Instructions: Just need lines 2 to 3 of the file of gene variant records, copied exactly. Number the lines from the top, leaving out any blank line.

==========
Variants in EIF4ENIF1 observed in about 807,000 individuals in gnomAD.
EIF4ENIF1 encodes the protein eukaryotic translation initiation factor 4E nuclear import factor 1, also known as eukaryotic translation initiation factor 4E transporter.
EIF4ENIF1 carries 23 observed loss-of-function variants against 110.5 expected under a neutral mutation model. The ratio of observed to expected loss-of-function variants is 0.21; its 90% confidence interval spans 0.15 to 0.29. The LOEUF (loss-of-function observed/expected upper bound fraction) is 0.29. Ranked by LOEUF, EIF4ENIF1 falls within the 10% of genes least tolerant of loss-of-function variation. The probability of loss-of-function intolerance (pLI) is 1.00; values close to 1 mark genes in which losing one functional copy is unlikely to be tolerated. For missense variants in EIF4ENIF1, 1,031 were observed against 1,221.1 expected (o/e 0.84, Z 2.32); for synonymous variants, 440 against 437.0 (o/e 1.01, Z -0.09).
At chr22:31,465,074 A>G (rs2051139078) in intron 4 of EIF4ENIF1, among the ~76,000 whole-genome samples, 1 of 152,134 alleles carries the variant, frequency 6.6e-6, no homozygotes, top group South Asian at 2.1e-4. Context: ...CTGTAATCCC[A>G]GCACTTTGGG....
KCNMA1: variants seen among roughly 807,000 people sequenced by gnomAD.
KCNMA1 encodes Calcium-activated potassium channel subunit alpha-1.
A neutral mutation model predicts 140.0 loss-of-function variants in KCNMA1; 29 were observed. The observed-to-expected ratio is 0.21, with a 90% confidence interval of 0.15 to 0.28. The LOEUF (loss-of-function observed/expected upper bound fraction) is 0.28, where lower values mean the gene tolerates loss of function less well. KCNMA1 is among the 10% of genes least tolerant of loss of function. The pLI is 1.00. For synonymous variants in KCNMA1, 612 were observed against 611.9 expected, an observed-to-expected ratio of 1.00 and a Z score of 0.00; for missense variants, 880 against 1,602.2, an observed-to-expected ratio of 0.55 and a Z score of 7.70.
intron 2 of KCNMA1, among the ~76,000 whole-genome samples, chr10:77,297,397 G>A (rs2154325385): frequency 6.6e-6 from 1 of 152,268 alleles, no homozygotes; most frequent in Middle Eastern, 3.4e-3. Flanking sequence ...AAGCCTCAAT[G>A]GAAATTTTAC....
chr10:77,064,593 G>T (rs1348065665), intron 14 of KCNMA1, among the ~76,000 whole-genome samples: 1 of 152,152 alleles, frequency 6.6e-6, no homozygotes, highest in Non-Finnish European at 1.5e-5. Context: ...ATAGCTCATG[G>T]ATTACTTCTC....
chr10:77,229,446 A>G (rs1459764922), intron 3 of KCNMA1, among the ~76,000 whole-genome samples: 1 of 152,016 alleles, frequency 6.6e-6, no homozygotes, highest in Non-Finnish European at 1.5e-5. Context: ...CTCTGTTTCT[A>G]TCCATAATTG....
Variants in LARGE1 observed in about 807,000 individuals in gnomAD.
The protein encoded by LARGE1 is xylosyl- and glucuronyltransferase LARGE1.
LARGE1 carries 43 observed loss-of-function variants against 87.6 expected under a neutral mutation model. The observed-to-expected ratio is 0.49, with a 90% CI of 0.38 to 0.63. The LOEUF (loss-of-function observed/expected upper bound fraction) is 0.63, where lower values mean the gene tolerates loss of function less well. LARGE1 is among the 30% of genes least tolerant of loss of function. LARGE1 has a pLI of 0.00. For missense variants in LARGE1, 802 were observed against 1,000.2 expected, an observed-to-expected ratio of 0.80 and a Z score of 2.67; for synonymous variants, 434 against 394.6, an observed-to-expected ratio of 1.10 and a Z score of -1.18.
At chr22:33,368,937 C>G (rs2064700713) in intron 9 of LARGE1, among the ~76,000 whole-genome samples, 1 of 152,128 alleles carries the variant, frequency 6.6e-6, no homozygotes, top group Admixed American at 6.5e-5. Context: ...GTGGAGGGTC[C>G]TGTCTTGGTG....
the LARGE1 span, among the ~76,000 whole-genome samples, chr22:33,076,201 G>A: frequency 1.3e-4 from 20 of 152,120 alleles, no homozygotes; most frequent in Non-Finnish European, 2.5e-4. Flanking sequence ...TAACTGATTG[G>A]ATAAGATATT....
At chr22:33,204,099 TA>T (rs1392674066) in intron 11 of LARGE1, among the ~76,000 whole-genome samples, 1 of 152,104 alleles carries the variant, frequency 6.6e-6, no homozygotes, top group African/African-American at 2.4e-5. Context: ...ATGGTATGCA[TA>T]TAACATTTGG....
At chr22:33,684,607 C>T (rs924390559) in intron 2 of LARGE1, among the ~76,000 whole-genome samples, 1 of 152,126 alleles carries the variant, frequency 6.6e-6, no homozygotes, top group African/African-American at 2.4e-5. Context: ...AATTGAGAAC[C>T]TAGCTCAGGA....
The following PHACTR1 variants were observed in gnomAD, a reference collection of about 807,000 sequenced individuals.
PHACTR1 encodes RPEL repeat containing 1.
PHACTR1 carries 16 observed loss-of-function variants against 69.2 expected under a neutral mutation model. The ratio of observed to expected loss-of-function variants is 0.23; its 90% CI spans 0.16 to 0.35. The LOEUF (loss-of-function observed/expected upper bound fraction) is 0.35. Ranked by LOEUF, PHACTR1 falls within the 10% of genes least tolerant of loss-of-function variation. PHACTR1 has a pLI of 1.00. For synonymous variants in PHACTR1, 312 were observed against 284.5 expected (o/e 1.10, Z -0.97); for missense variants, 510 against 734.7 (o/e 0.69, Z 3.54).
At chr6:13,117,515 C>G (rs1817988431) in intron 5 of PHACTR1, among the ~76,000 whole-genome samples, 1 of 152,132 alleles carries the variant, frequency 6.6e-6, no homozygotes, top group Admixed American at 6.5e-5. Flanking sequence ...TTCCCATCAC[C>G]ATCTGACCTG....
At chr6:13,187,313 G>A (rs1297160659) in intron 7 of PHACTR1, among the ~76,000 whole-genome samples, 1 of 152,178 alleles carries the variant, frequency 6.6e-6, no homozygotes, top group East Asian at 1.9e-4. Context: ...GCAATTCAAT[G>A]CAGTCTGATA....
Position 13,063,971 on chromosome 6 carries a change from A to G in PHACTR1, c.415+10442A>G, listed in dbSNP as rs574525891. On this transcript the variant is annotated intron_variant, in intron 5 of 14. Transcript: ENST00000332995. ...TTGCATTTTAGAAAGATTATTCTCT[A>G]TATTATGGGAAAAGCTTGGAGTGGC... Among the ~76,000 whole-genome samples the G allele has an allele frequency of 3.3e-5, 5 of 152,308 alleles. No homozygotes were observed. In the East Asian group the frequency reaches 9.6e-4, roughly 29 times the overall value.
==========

EIF4ENIF1 encodes the protein eukaryotic translation initiation factor 4E nuclear import factor 1, also known as eukaryotic translation initiation factor 4E transporter.
EIF4ENIF1 carries 23 observed loss-of-function variants against 110.5 expected under a neutral mutation model. The ratio of observed to expected loss-of-function variants is 0.21; its 90% confidence interval spans 0.15 to 0.29. The LOEUF (loss-of-function observed/expected upper bound fraction) is 0.29. Ranked by LOEUF, EIF4ENIF1 falls within the 10% of genes least tolerant of loss-of-function variation. The probability of loss-of-function intolerance (pLI) is 1.00; values close to 1 mark genes in which losing one functional copy is unlikely to be tolerated. For missense variants in EIF4ENIF1, 1,031 were observed against 1,221.1 expected (o/e 0.84, Z 2.32); for synonymous variants, 440 against 437.0 (o/e 1.01, Z -0.09).